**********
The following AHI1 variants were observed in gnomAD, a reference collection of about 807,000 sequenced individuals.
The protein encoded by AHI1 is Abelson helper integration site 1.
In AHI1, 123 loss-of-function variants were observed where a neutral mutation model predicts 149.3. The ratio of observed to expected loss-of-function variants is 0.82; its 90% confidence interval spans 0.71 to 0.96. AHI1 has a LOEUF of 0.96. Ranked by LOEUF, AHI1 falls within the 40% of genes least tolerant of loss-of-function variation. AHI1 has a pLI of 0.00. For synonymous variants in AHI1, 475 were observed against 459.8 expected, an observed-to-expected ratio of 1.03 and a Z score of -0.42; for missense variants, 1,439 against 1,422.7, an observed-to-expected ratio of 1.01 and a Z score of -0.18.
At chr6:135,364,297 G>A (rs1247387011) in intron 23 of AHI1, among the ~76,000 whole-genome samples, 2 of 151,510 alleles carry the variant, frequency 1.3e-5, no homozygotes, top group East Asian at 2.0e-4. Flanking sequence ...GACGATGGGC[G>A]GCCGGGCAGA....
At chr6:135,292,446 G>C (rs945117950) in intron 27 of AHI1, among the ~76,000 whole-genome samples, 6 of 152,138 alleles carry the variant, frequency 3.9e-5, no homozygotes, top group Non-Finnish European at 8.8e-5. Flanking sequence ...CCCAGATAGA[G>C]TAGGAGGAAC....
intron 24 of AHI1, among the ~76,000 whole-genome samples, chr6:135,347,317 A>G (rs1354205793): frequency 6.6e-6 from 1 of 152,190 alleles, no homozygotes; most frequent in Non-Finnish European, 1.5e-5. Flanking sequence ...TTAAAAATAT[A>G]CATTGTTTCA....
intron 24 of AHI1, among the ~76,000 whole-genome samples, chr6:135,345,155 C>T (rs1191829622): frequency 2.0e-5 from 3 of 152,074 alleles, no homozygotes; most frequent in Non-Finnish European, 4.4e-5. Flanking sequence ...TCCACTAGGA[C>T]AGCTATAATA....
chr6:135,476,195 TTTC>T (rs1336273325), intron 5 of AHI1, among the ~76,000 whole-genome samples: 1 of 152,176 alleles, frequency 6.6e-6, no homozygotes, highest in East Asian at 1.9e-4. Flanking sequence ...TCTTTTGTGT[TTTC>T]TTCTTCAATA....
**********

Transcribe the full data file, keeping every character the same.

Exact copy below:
The following AHI1 variants were observed in gnomAD, a reference collection of about 807,000 sequenced individuals.
The protein encoded by AHI1 is Abelson helper integration site 1.
In AHI1, 123 loss-of-function variants were observed where a neutral mutation model predicts 149.3. The ratio of observed to expected loss-of-function variants is 0.82; its 90% confidence interval spans 0.71 to 0.96. AHI1 has a LOEUF of 0.96. Ranked by LOEUF, AHI1 falls within the 40% of genes least tolerant of loss-of-function variation. AHI1 has a pLI of 0.00. For synonymous variants in AHI1, 475 were observed against 459.8 expected, an observed-to-expected ratio of 1.03 and a Z score of -0.42; for missense variants, 1,439 against 1,422.7, an observed-to-expected ratio of 1.01 and a Z score of -0.18.
At chr6:135,364,297 G>A (rs1247387011) in intron 23 of AHI1, among the ~76,000 whole-genome samples, 2 of 151,510 alleles carry the variant, frequency 1.3e-5, no homozygotes, top group East Asian at 2.0e-4. Flanking sequence ...GACGATGGGC[G>A]GCCGGGCAGA....
At chr6:135,292,446 G>C (rs945117950) in intron 27 of AHI1, among the ~76,000 whole-genome samples, 6 of 152,138 alleles carry the variant, frequency 3.9e-5, no homozygotes, top group Non-Finnish European at 8.8e-5. Flanking sequence ...CCCAGATAGA[G>C]TAGGAGGAAC....
intron 24 of AHI1, among the ~76,000 whole-genome samples, chr6:135,347,317 A>G (rs1354205793): frequency 6.6e-6 from 1 of 152,190 alleles, no homozygotes; most frequent in Non-Finnish European, 1.5e-5. Flanking sequence ...TTAAAAATAT[A>G]CATTGTTTCA....
intron 24 of AHI1, among the ~76,000 whole-genome samples, chr6:135,345,155 C>T (rs1191829622): frequency 2.0e-5 from 3 of 152,074 alleles, no homozygotes; most frequent in Non-Finnish European, 4.4e-5. Flanking sequence ...TCCACTAGGA[C>T]AGCTATAATA....
chr6:135,476,195 TTTC>T (rs1336273325), intron 5 of AHI1, among the ~76,000 whole-genome samples: 1 of 152,176 alleles, frequency 6.6e-6, no homozygotes, highest in East Asian at 1.9e-4. Flanking sequence ...TCTTTTGTGT[TTTC>T]TTCTTCAATA....